As Ohio faces what has been described by many as a chemical “Chernobyl” event, Biden administration Transportation Secretary and failed gay Democratic 2020 Presidential candidate Pete Buttigieg is complaining that there are too many white construction workers.
A train carrying vinyl chloride and other toxic chemicals derailed on February 3 in East Palestine, Ohio, resulting in fires and a massive plume of black smoke that lasted for numerous days and could be seen from several miles around.
Three days after the derailment, emergency crews decided to conduct a “controlled burn” of the dangerous chemicals supposedly in order to prevent a larger and more hazardous explosion.
The controlled burn ultimately caused hydrogen chloride and toxic substances such as phosgene to be released into the surrounding area, prompting the mandatory evacuation of all citizens of East Palestine within a one-mile radius.
Time to call in @PeteButtigieg for questioning for what is happened to the great people of Ohio train derailment & toxic chemical spill!
The media won't talk about this ecological disaster/public health crisis, but I will – and we *will* get answers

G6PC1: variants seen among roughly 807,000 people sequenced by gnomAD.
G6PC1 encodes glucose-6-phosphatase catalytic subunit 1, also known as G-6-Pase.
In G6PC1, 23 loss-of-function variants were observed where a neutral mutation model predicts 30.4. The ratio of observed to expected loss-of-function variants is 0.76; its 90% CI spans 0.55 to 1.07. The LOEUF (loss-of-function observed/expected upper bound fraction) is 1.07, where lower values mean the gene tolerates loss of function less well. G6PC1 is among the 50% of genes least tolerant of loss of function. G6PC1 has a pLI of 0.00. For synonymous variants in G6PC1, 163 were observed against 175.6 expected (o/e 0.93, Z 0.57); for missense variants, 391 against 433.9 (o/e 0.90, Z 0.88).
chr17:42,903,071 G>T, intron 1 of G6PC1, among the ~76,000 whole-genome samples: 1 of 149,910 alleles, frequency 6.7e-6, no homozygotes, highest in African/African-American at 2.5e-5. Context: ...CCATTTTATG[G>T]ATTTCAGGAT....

People’s lives are in danger! pic.twitter.com/X0mBWWzTBn
— Anna Paulina Luna (@VoteAPL) February 13, 2023
Eyes are on Buttigieg, who is in charge of safeguarding America’s infrastructure, as the embattled state of Ohio struggles to grapple from the disaster.
However, the LGBTQ+ Transportation Secretary has yet to make any mention of the fallout from the chemical disaster.
Speaking at the National Association of Counties Conference in Washington, D.C. today, Buttigieg instead complained that there are not enough non-white construction workers.
Buttigieg made no mention of the Ohio train derailment while speaking at a conference this morning but did find the time to say that there are too many white people who work construction. pic.twitter.com/q4WNcq10h9
— Greg Price (@greg_price11) February 13, 2023
Speaking to the audience, Buttigieg urged counties to work with contractors and community colleges on “building a workforce that reflects the community.”
“We’ve heard way too many stories from generations passed of infrastructure where you’ve got a neighborhood, often a neighborhood of color, that finally sees the project come to them, but everyone in the hard hats on that project, looking like…uh, uh, doing the good paying jobs, don’t look like they came from anywhere near the neighborhood,” the Transportation Secretary said.
“You can build community wealth that will help close wealth gaps in this country if we can tear down those barriers, but that happens at the delivery level,” Buttigieg added.
Follow Andrew on Twitter @whiteaf5.